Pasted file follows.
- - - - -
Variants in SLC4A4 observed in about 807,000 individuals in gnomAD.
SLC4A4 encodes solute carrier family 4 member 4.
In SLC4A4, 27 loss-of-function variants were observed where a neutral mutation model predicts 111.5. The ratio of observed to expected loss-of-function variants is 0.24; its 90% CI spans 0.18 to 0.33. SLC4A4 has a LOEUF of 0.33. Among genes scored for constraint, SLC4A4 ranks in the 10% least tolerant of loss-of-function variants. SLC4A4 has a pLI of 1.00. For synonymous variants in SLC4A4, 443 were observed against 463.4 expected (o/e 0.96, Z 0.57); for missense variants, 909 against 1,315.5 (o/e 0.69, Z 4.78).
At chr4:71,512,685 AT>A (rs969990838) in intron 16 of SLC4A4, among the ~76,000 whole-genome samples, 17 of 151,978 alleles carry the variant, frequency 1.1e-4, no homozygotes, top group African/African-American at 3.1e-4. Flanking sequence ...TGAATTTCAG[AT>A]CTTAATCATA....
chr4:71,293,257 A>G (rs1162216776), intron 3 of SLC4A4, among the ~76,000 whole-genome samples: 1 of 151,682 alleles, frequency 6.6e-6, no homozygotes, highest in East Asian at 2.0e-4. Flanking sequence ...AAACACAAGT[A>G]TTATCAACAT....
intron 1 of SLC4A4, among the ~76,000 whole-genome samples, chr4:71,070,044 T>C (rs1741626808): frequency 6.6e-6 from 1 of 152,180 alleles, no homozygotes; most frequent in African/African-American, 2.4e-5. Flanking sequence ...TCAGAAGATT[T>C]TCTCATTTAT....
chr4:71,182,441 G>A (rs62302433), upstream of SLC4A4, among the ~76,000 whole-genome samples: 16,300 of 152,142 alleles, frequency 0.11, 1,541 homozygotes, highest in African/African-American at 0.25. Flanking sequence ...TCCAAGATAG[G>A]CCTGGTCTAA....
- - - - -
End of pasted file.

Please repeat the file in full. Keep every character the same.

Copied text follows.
Variants in SLC4A4 observed in about 807,000 individuals in gnomAD.
SLC4A4 encodes solute carrier family 4 member 4.
In SLC4A4, 27 loss-of-function variants were observed where a neutral mutation model predicts 111.5. The ratio of observed to expected loss-of-function variants is 0.24; its 90% CI spans 0.18 to 0.33. SLC4A4 has a LOEUF of 0.33. Among genes scored for constraint, SLC4A4 ranks in the 10% least tolerant of loss-of-function variants. SLC4A4 has a pLI of 1.00. For synonymous variants in SLC4A4, 443 were observed against 463.4 expected (o/e 0.96, Z 0.57); for missense variants, 909 against 1,315.5 (o/e 0.69, Z 4.78).
At chr4:71,512,685 AT>A (rs969990838) in intron 16 of SLC4A4, among the ~76,000 whole-genome samples, 17 of 151,978 alleles carry the variant, frequency 1.1e-4, no homozygotes, top group African/African-American at 3.1e-4. Flanking sequence ...TGAATTTCAG[AT>A]CTTAATCATA....
chr4:71,293,257 A>G (rs1162216776), intron 3 of SLC4A4, among the ~76,000 whole-genome samples: 1 of 151,682 alleles, frequency 6.6e-6, no homozygotes, highest in East Asian at 2.0e-4. Flanking sequence ...AAACACAAGT[A>G]TTATCAACAT....
intron 1 of SLC4A4, among the ~76,000 whole-genome samples, chr4:71,070,044 T>C (rs1741626808): frequency 6.6e-6 from 1 of 152,180 alleles, no homozygotes; most frequent in African/African-American, 2.4e-5. Flanking sequence ...TCAGAAGATT[T>C]TCTCATTTAT....
chr4:71,182,441 G>A (rs62302433), upstream of SLC4A4, among the ~76,000 whole-genome samples: 16,300 of 152,142 alleles, frequency 0.11, 1,541 homozygotes, highest in African/African-American at 0.25. Flanking sequence ...TCCAAGATAG[G>A]CCTGGTCTAA....